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I have been asked to look at an interesting Linux routing issue and thought it worth sharing for comments. Both machines are running SuSE 11.2.

Machine A:

  • IP Address eth0
  • Manual route added to specify that the route to network is via eth0

Machine B:

  • IP Address eth0
  • Manual route added to specify that the route to network is via eth0

That's it; no more network configuration on the machines, no aliases on the NICs etc. Both machines are on an unmanaged switch.

The user has pointed out that the machines can only see each other intermittently and if PING stops working it can be 'fixed' by rebooting.

Now I am off to do some digging, but in my book this isn't the way to setup routing, but the customer insists they have done it this way many times before and it has always worked reliably. Sitting in front of these machines I can see them happily PINGing each other.

I am not after a tutorial on setting up routing (I know how I would have done it, and how it can be done with one NIC if you really really want) - my question is:

Has anyone else seen this type of setup used for routing before (ie: just a route add) as my understanding is that there is nothing in the above setup that should actually make routing work between the two networks!!?

My first thought is that luck is playing a big part in making the above configuration work.

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What is the result from route -n on each machine? And ifconfig eth0? Are the two machines connected to the same switch? – ringø Jan 20 '11 at 12:43
The machines are elsewhere and I can't get to them at the moment but I'll see if I can grab the info and add it to the question but from what I saw the info is as expected - one IP address on each eth0 and the standard routes as expected + the manually added one. There's no default gateway defined. Yes, the machines are on the same switch. No fancy VLANs or anything either. – Linker3000 Jan 20 '11 at 13:01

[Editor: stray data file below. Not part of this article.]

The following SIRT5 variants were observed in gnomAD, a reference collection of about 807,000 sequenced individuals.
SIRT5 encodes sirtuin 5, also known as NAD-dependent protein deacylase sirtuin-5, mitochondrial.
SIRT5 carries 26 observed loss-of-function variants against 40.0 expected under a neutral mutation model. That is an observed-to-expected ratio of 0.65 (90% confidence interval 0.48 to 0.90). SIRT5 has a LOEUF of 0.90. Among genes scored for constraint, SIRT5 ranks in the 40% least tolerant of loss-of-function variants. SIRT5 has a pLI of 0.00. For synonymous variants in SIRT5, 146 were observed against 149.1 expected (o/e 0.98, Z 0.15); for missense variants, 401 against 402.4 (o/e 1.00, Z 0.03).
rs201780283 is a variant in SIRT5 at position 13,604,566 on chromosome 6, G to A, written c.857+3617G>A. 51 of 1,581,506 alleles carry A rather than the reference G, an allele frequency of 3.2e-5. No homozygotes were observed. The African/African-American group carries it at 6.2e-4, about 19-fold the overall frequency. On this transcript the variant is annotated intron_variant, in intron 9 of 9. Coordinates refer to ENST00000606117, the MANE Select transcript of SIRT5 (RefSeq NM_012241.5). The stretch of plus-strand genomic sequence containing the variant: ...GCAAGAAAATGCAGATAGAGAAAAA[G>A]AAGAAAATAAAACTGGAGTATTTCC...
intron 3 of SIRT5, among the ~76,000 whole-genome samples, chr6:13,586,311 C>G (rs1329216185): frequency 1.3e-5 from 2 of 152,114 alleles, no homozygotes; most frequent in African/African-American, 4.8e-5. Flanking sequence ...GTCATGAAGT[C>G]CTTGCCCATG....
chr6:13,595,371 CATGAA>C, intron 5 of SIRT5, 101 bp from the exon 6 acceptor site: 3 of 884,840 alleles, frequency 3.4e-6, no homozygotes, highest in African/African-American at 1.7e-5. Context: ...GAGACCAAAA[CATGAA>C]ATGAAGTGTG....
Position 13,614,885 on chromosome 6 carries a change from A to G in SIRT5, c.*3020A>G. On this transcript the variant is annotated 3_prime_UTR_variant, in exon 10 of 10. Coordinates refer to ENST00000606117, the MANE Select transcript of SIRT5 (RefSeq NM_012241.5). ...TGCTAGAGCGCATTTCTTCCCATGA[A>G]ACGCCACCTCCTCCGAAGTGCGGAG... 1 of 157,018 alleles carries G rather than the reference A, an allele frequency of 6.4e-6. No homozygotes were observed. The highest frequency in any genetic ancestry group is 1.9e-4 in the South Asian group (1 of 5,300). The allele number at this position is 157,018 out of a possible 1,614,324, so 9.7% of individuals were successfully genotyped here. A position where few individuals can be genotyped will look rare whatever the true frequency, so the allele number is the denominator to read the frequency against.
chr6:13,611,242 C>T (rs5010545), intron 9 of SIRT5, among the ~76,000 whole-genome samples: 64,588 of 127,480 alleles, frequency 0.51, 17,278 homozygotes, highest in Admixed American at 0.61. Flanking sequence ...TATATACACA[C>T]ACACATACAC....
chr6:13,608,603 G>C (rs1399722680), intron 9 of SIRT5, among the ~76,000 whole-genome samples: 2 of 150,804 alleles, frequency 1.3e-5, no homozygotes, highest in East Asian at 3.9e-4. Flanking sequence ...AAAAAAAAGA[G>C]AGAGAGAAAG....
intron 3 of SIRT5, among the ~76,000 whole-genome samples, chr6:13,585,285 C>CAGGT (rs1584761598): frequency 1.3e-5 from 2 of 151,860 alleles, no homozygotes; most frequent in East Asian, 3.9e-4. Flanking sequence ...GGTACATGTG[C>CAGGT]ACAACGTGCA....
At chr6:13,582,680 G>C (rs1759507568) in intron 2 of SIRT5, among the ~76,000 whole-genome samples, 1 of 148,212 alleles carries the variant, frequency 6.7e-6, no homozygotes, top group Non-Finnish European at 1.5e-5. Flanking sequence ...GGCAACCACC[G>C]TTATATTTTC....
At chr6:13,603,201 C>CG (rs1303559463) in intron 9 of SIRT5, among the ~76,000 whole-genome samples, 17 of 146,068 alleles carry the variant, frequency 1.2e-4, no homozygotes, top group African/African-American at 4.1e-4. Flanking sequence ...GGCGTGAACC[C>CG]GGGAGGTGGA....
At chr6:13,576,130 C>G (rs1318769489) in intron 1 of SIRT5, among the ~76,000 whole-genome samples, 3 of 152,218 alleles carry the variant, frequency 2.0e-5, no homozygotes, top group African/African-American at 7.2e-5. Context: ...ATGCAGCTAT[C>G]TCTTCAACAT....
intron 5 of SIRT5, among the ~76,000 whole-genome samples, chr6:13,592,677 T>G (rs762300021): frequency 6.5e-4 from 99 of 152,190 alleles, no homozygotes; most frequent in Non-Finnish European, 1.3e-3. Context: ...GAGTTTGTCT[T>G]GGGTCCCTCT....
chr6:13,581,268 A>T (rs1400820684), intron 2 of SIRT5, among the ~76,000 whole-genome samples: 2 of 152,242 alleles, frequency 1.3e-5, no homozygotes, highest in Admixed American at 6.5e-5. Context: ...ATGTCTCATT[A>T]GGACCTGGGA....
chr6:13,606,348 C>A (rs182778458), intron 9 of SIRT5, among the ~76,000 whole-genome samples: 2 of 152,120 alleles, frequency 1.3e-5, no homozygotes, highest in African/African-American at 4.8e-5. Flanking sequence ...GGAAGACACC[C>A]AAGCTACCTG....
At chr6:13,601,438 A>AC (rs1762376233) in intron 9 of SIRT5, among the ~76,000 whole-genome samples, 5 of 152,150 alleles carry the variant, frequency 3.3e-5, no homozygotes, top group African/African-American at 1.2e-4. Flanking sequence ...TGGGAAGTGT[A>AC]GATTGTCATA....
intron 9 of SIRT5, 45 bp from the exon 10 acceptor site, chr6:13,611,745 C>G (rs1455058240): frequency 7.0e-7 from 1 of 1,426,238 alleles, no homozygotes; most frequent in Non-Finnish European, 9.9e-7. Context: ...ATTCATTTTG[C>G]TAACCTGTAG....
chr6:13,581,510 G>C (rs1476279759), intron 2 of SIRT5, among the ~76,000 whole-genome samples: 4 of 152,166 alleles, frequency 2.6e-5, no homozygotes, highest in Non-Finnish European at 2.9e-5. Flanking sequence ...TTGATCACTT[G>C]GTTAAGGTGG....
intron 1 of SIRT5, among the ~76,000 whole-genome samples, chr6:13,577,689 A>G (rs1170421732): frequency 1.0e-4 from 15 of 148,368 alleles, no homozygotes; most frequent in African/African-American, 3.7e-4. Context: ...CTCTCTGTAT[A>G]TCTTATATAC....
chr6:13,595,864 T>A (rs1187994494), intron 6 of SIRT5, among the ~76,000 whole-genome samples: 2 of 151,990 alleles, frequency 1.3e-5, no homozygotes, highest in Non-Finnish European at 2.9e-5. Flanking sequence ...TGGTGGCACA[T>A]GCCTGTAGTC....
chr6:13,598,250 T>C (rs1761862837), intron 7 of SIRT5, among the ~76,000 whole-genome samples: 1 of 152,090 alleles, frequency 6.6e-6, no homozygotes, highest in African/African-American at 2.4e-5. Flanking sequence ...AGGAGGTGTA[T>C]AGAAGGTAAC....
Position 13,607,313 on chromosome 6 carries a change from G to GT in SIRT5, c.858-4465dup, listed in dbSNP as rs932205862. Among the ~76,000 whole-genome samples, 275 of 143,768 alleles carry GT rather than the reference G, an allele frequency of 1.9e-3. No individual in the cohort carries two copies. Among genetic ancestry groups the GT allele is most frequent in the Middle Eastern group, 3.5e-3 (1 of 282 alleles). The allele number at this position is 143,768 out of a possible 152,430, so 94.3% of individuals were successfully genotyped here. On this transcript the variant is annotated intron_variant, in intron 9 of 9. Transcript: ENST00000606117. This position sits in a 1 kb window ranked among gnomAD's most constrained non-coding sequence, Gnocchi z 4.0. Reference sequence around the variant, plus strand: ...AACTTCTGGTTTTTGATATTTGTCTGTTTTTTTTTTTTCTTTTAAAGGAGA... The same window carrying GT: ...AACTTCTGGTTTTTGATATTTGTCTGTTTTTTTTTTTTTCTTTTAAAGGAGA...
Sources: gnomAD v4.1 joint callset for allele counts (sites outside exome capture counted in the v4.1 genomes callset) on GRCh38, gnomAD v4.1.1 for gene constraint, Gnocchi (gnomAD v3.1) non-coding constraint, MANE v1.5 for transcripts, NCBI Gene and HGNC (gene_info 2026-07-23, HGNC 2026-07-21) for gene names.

The switch doesn't understand the IP protocol, the dialog has to happen between two different networks, without a gateway to perform any routing, and via the switch since both machines are on the same switch.

When A wants to "discuss" with B, since the route has been added directly via the eth0 interface and not a gateway, it first sends an ARP broadcast request via its eth0 interface

What is the MAC address of

(if a gateway would have been mentioned, the gateway MAC address would be searched instead)

The switch naturally broadcasts the ARP request to all its ports, and B should get it.

B replies with its MAC address, and then A and B can communicate directly through the switch via their respective MAC addresses. The switch is able to "link" ports and MAC addresses, and no more broadcast has to take place to allow a communication between the machines (until they stop the dialog for some time).

It should work.

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Thanks for the comment - I can see how ARP plays a part in this. Can you elaborate on "...until they stop the dialog for some time". Are you implying that any extended break in commuication is likely to stop the boxes from resuming dialogue later (perhaps due to ARP cache timeout)? In general, is the configuration considered a valid way to setup 'proper', stable routing? – Linker3000 Jan 20 '11 at 16:32

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